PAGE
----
I really loved lodash. It brough the joy of compact functional code to JavaScript. Especially 6 years ago when I first embraced it. It was a wonderful library. Back then, there was no ES6, no Babel, and terrible browser incompatabilities ran rampant. Lodash along with jQuery were the saving light of that time.

I gravitated towards using Lodash because the first language I learned was Scheme. It had functional programing at it’s core, and highly influanced how I think about code to this day.

I was a major advocate of Lodash for a long time. However, as my team embraced ES6 with Babel, I am at a point where I have to discurage the use of Lodash instead of promote it. This might seem like a drastic change but it is a well grounded one. It’s also not just ES6 and Babel that are taking my attention away from Lodash. There are libraries like Ramda that provide the better functionality(but more on that later).

ES6 vs Lodash

I will outline some of the benefits I saw in using pure ES6 instead of Lodash. The main stumbling point in this transition can be browser support but most teams use transpilers such as Babel, so this isn’t a concern anymore.

Library Size

This should come as no surprise, but Lodash is a big library. In fact, if you modularize your application, chances are it’s bigger than your codebase. However, you can import only the modules you need if you have the propper plugins setup, such as babel-plugin-lodash or lodash-webpack-plugin.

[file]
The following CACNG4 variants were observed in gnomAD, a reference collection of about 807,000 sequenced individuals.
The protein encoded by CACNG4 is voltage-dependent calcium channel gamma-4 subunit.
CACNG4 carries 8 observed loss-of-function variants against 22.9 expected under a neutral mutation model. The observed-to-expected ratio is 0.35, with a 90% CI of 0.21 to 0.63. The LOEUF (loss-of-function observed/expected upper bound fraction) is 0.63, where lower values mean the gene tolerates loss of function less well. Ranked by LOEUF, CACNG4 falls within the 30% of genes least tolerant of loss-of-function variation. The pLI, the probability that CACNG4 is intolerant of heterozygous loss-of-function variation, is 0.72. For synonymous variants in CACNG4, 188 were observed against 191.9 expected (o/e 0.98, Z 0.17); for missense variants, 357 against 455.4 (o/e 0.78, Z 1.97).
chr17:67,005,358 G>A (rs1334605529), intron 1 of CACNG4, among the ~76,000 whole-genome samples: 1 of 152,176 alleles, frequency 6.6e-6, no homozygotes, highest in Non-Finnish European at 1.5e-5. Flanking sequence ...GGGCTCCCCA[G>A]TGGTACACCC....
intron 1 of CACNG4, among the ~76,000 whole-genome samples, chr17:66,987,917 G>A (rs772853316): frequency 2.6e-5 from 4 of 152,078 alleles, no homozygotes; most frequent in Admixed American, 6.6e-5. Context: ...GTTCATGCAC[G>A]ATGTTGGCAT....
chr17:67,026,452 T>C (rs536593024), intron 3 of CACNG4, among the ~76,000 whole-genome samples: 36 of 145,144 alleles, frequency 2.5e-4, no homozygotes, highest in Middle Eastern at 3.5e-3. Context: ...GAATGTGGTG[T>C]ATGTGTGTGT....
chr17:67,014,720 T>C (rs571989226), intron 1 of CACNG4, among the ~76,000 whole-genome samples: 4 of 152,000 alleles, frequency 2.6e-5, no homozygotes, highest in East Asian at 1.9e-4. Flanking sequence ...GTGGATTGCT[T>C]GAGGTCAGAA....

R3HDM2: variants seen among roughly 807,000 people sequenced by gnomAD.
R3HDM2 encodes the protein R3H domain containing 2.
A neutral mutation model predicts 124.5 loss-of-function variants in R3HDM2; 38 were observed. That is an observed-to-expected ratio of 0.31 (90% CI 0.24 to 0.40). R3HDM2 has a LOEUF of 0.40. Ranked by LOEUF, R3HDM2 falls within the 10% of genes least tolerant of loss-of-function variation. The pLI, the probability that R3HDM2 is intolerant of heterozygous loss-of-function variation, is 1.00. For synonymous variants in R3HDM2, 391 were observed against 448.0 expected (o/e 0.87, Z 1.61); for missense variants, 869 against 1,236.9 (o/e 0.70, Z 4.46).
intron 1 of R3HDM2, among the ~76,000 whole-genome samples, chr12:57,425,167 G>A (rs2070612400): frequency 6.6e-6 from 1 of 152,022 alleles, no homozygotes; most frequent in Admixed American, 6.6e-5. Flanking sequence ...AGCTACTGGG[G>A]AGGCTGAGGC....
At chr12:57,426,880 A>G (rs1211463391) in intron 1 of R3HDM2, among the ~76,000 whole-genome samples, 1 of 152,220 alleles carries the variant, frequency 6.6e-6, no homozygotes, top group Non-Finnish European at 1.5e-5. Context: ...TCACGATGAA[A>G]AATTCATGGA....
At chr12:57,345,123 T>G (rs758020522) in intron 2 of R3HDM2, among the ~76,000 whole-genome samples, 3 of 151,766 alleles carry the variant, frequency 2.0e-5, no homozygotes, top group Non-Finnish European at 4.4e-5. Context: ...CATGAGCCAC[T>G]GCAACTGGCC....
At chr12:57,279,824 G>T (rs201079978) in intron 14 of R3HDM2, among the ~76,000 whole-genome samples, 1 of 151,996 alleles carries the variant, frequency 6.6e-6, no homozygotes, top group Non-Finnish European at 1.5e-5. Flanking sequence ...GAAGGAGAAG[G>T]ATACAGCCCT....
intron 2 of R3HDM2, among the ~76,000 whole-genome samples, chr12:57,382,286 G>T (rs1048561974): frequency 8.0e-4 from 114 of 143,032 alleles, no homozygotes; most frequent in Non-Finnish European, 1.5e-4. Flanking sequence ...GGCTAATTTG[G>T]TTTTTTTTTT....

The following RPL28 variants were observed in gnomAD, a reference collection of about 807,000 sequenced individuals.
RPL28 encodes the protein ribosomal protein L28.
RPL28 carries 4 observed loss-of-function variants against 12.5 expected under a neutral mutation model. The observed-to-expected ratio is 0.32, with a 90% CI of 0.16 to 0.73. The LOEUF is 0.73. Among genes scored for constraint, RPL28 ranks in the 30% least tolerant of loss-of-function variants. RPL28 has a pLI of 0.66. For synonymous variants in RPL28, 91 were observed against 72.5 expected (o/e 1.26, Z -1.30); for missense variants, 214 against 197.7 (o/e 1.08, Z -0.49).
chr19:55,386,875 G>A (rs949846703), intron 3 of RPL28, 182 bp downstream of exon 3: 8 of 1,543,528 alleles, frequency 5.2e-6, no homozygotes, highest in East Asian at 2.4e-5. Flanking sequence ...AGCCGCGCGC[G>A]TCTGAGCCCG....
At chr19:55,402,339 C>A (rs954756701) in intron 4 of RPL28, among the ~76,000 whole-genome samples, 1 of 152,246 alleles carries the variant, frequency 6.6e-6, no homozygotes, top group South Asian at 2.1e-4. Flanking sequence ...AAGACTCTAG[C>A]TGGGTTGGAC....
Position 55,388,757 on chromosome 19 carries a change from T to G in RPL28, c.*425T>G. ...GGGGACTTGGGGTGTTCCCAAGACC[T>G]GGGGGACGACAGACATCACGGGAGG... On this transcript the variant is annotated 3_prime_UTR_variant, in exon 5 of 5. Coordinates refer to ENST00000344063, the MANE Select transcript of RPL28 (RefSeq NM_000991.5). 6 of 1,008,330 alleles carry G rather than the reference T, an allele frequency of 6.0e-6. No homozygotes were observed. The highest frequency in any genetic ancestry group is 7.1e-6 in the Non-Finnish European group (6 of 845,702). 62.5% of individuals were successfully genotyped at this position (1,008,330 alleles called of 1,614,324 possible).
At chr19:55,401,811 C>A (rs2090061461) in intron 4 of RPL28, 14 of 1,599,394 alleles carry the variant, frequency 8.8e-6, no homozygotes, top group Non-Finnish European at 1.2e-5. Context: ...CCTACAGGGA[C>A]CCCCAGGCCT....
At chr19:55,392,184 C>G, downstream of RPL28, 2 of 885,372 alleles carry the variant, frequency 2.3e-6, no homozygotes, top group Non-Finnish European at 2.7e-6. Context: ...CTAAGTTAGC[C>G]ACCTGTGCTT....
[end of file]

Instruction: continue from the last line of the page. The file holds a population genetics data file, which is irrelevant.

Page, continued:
ES6, on the other hand, won’t add much bloat by default. It’s efficiently transpiled into your code and only slightly increases transpiled size, plus chances are you have to use it anyways to gain other ownderful features.

Clean Code

Clean code is a big one. Let’s take a look at what Lodash provides:

 1
 2
 3
 4
 5
 6
 7
 8
 9
10
11
12
13
14
15
16
17
18
19
20
21
22
23
24
25
26
27
// We will be using this data for all exaples so I won't repeat it.
var teamRanking = [
  {
    school: 'alabama',
    rank: 1
  },
  {
    school: 'clemons',
    rank: 2
  },
  {
    school: 'ohio state',
    rank: 3
  },
  {
    school: 'washington',
    rank: 4
  },
];


// We are extracting the top two teams and uppercasing the names
var topTwo = _.map(_.filter(teamRanking, (team) => {
    return team.rank <= 2;
  }), (team) => {
  return _.update(team, 'school', _.toUpper);
})

Now who has written ugly code like that in the past? I know I have. Of course we can imporove it, this is just to show how bad things can get.

1
2
3
4
5
6
7
var topTwo = _.filter(teamRanking, (team) => {
  return team.rank <= 2;
})

var prettyTopTwo = _.map(topTwo, (team) => {
  return _.update(team, 'school', _.toUpper);
})

This code is more organized. We can clearely see the two transformations, and the data produced has descriptive names.

This is a coding practice I have seen a lot. Although it makes the code easier to read. It also demonstrates the weaknes of these abstractions. All we wanted was the final transformation. Instead we have an extra pice of data, `topTwo`, which has no use or reuse.

Let’s take a look at ES6 code to do the same thing.

1
2
3
const topTwo = teamRanking
  .filter((team) => (team.rank <= 2))
  .map((team) => {...team, school: team.school.toUpperCase()})

This time we get rid of the intermedieate value and the code is more compact. It’s clear what’s going on and we don’t have functions wrapping everything.